They also lack the clarity needed for use in many medical devices. Finally, our solutions need to be based on the understanding that recycling can be compromised when medical devices are contaminated through exposure to bodily fluids.
Plastics companies have been working hard to develop innovative materials that stand up to all of these challenges, yet improve on sustainability. Obviously, it is the device manufacturer’s ultimate responsibility to determine the suitability of any material for their device. Understanding that, here’s a quick look at two options that should be on our radar:
Plexiglas® Rnew from Altuglas International is a relatively new, sustainable, bio-based acrylic resin that incorporates high levels of carbon from renewable resources. BPA-free Rnew has great clarity, gamma sterilization resistance, chemical resistance, and impact resistance, qualities that make it a promising alternative in transparent, disposable medical devices for applications including blood collection and separation, fluid management, and certain cardiopulmonary devices. According to Carmen Rodriguez, business manager for medical resins at Arkema (the parent company to Altuglas), “We don’t have a renewable building block, but we do have the ability to blend our PMMA materials with other, 100% biobased materials to reduce our [polymers’] carbon footprint.”
Tritan™ copolyester from Eastman Chemical Company is another option with several key attributes which make it an excellent choice for many medical applications. It is free from BPA, Halogen, and Ortho-phthalate. Tritan has outstanding clarity, making it great for applications where practitioners need to see through a device (e.g. bubble detectors), is very durable and able to stand up to sterilization and harsh chemicals, including aggressive disinfectants that can cause polycarbonates and acrylics to crack.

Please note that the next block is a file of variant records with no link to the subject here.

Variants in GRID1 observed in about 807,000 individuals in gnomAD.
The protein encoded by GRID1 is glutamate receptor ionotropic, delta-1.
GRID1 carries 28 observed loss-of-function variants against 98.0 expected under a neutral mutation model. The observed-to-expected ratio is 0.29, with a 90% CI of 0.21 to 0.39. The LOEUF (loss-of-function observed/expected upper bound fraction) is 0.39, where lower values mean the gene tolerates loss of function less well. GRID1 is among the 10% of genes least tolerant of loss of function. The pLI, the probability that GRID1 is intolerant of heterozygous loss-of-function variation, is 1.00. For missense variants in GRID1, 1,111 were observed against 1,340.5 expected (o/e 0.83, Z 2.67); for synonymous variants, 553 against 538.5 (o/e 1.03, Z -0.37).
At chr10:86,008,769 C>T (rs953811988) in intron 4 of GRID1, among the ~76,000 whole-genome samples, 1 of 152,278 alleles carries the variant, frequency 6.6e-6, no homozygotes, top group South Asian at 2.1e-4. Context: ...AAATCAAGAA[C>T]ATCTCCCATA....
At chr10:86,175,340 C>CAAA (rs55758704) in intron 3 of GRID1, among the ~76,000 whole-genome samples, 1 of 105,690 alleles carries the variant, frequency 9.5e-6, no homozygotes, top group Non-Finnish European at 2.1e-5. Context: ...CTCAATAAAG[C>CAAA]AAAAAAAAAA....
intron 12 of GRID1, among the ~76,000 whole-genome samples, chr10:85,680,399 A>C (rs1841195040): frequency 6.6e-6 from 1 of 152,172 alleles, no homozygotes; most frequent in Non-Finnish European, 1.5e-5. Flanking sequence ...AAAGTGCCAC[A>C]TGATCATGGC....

From a design and manufacturing perspective, EastmanTritan™ copolyester handles variable wall thicknesses beautifully. It’s also stronger at smaller wall-thicknesses, creating opportunities for using less material without putting wall strength in jeopardy. From a sustainability perspective, creating Eastman Tritan™ copolyester requires lower energy consumption as compared to polycarbonate and acrylic. Its longer life, due to its high degree of durability, results in less waste due to failure.
Balancing it all
While innovative plastics can increase a product’s lifespan, we also have to keep in mind what happens at the end of a device’s useful life. In many cases, the highest performing plastics are blends, which aren’t recyclable. The key here is to only use these plastics where necessary and to design for disassembly so more of the product can be recycled. Since contamination can make recycling of medical devices impossible, we should also explore innovative ways to minimize contamination of parts that would otherwise be recyclable.
Of course, all of these trade-offs have to be made in the context of the business model for the device… even if that business model is single-use disposable. With new materials available and on the horizon, the balance point is shifting toward a place that’s more sustainable.
In a future article, we’ll take a look at the world of packaging for medical devices. As you might expect, medical device design serves up unique challenges in that arena as well.